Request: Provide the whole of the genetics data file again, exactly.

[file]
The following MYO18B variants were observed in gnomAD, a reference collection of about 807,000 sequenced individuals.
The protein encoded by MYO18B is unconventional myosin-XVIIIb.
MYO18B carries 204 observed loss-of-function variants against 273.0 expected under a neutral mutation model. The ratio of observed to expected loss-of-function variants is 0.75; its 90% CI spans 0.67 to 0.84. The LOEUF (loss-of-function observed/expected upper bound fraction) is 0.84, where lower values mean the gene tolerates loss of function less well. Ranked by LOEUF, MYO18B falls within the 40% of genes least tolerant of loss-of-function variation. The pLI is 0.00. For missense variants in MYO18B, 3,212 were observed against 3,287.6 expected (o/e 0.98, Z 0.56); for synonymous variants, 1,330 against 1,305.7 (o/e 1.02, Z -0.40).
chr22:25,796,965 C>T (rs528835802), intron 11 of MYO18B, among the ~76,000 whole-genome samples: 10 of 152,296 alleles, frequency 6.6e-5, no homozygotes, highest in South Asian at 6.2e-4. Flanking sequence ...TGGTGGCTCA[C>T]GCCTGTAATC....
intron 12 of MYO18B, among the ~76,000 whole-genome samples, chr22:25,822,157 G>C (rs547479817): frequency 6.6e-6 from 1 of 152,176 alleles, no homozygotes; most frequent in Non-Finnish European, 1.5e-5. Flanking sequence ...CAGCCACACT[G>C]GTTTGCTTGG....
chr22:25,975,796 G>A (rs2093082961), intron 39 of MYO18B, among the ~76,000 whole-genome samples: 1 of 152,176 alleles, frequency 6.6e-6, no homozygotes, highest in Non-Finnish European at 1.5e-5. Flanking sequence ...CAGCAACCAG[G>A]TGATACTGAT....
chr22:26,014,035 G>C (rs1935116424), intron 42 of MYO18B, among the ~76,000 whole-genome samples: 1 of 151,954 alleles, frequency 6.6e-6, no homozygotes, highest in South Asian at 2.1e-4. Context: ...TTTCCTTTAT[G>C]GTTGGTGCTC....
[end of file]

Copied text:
The following MYO18B variants were observed in gnomAD, a reference collection of about 807,000 sequenced individuals.
The protein encoded by MYO18B is unconventional myosin-XVIIIb.
MYO18B carries 204 observed loss-of-function variants against 273.0 expected under a neutral mutation model. The ratio of observed to expected loss-of-function variants is 0.75; its 90% CI spans 0.67 to 0.84. The LOEUF (loss-of-function observed/expected upper bound fraction) is 0.84, where lower values mean the gene tolerates loss of function less well. Ranked by LOEUF, MYO18B falls within the 40% of genes least tolerant of loss-of-function variation. The pLI is 0.00. For missense variants in MYO18B, 3,212 were observed against 3,287.6 expected (o/e 0.98, Z 0.56); for synonymous variants, 1,330 against 1,305.7 (o/e 1.02, Z -0.40).
chr22:25,796,965 C>T (rs528835802), intron 11 of MYO18B, among the ~76,000 whole-genome samples: 10 of 152,296 alleles, frequency 6.6e-5, no homozygotes, highest in South Asian at 6.2e-4. Flanking sequence ...TGGTGGCTCA[C>T]GCCTGTAATC....
intron 12 of MYO18B, among the ~76,000 whole-genome samples, chr22:25,822,157 G>C (rs547479817): frequency 6.6e-6 from 1 of 152,176 alleles, no homozygotes; most frequent in Non-Finnish European, 1.5e-5. Flanking sequence ...CAGCCACACT[G>C]GTTTGCTTGG....
chr22:25,975,796 G>A (rs2093082961), intron 39 of MYO18B, among the ~76,000 whole-genome samples: 1 of 152,176 alleles, frequency 6.6e-6, no homozygotes, highest in Non-Finnish European at 1.5e-5. Flanking sequence ...CAGCAACCAG[G>A]TGATACTGAT....
chr22:26,014,035 G>C (rs1935116424), intron 42 of MYO18B, among the ~76,000 whole-genome samples: 1 of 151,954 alleles, frequency 6.6e-6, no homozygotes, highest in South Asian at 2.1e-4. Context: ...TTTCCTTTAT[G>C]GTTGGTGCTC....